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to take and we just can't put up with it any more. We've got to… Working Women United wants to do more than just change sexual intimidation. We want to change a lot of laws. A lot of things that women need in business. We want women up there in power, whether it's in - both in government and in management. Now - in order to get this we've got to get together. We've got to organize. Very few women started what we're doing now. We got this Speak-Out.- Wgot a good turn out. We need you, we need you desperately, to work with us, to give your time, to give your commitment to us. Help us change the laws. Two weeks from today we're going to have a meeting, here, on Sunday afternoon. We need women to come and work. We need women to organize to fight all these different problems. Working Women United wants to protect women. from this kind of thing on the job. Why should women have to put up with it, just because we're women? It's not fair. (Question from the audience: What sort of things will you be working on?) We don't know yet. That's why we're getting together - to talk about what we are going to work on and what are the most prominent - that's why theae questionnaires will help us out. Fill out the questionaires. There's a place on there I believe, isn't there Lin, for your own problems that you're having. We're going to put these questinaires together. Women getting together two weeks from now are going to talk about whatever it is you want to do, what you feel is the biggest problem. If you think about it, do you realize what we could do? I mean if you dream about it what could we do? We could close the bank. We could shut off the telephone company. We could close the factories. (aplause) I mean we could stop this whole damn town! We could stop ths whole damn country! They need us, they have to have us and well, there's just no end to the things that we can do. A man once said," United we stand, divided we fall." Okay, let's take over that model and stand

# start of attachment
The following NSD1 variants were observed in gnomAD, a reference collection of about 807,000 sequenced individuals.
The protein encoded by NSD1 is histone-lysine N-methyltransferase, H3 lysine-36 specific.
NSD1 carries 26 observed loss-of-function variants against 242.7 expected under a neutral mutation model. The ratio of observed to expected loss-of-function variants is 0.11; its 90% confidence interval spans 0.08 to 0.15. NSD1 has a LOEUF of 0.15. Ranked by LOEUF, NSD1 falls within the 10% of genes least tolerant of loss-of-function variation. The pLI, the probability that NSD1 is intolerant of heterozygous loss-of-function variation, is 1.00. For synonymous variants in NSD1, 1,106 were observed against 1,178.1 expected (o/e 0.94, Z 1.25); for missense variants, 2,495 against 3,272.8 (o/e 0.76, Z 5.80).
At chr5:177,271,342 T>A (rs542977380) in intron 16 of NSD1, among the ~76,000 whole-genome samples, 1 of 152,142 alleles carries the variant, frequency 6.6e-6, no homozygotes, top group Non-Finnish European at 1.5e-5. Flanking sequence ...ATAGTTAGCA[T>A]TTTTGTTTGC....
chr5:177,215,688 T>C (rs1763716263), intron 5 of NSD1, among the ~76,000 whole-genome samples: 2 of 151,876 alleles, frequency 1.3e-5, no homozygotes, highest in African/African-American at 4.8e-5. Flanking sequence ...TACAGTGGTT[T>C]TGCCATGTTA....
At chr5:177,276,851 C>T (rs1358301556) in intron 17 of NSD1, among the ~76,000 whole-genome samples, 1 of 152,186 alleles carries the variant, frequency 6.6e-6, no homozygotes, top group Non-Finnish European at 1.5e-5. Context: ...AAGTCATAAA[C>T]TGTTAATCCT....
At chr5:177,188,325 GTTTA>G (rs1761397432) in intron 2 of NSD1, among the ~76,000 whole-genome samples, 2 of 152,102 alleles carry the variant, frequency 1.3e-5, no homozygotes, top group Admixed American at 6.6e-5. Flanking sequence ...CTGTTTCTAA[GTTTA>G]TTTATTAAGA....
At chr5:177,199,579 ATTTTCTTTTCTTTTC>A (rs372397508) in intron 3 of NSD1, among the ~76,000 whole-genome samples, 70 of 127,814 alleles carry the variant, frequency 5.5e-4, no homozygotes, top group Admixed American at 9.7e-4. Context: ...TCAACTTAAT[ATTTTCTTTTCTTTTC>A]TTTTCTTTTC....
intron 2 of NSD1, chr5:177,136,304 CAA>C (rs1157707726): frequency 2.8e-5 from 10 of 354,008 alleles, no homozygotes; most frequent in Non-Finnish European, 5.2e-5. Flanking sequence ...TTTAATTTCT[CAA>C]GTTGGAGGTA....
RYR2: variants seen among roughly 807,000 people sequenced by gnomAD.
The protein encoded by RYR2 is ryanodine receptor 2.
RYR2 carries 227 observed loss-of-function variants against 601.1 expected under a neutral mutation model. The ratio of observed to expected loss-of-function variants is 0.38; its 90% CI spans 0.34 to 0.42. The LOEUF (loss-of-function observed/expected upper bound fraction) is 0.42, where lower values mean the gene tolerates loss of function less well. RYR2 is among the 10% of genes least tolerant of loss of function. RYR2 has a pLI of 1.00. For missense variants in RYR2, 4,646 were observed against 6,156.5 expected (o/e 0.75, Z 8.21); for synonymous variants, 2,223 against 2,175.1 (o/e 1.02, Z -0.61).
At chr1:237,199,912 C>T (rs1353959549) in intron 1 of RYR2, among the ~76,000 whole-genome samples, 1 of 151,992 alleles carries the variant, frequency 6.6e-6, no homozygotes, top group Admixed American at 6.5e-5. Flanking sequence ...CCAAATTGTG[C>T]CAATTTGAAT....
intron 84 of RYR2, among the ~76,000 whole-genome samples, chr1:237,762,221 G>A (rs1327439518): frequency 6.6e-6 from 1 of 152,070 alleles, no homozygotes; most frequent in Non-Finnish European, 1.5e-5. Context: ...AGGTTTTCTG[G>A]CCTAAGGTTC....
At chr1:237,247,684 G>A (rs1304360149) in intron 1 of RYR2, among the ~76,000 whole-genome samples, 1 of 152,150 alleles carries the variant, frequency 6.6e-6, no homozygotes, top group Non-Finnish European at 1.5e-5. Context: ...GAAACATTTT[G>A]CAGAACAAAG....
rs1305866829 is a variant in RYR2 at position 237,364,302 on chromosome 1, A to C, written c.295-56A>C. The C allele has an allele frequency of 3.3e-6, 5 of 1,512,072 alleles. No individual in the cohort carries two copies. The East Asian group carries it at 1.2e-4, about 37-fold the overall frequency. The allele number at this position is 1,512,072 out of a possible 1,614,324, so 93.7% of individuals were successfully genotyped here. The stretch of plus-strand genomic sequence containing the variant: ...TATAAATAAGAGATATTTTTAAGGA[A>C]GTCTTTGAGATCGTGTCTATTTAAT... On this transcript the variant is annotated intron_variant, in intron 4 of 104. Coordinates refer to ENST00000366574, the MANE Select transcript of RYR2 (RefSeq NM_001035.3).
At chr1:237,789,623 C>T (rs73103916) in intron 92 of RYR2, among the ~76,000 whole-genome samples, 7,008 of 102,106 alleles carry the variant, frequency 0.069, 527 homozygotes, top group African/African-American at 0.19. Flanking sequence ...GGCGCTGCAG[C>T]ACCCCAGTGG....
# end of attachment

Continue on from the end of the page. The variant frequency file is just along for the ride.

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together and let's change the way things are.

Lin Farley: We're running out of time. Denise Rush was supposed to add her voice to Carmita's. We're just going to dispense with that mainly bacause the questionaire that we've been talking about is really, really important. In terms of what you can do, right now with the feelings that you're sitting on - the first thing you can do…. well, I'll let Susan do that, but wait a minute - I'm so mad I can't stand it. I want to answer the question of the woman who asked what this organization is going to deal with. Look, I've been on a job for a year and a half now that's dealing with the question of women and work. I want to say this - women are pre-labor movement in this country. We don't even have unions to protect us. We are now - ther e is something like 33 million women in the work force. Barel 20% of that 33 million have any kind of protection bdtween them and their employer. Sexual harassment is just the beginning of what women have to fight and we have to turn this situation around and the only way we're going to turn it around is by having meetings like this one, by talking about the reality of what we've experianced, about the fact that we're still going through child labor exploitation, that we're still being exploited as women. You know, one of the major problems that the National department of Labor is trying to talk about is the children who are under-nourished, who are mentally retarded, who don't stand a chance in life because they have a woman as the head of a house-hold and not a man and because that woman can't make decent wages and can't get a decent job. Those are the kind of things also that this organization has to talk about. What's really fantastic about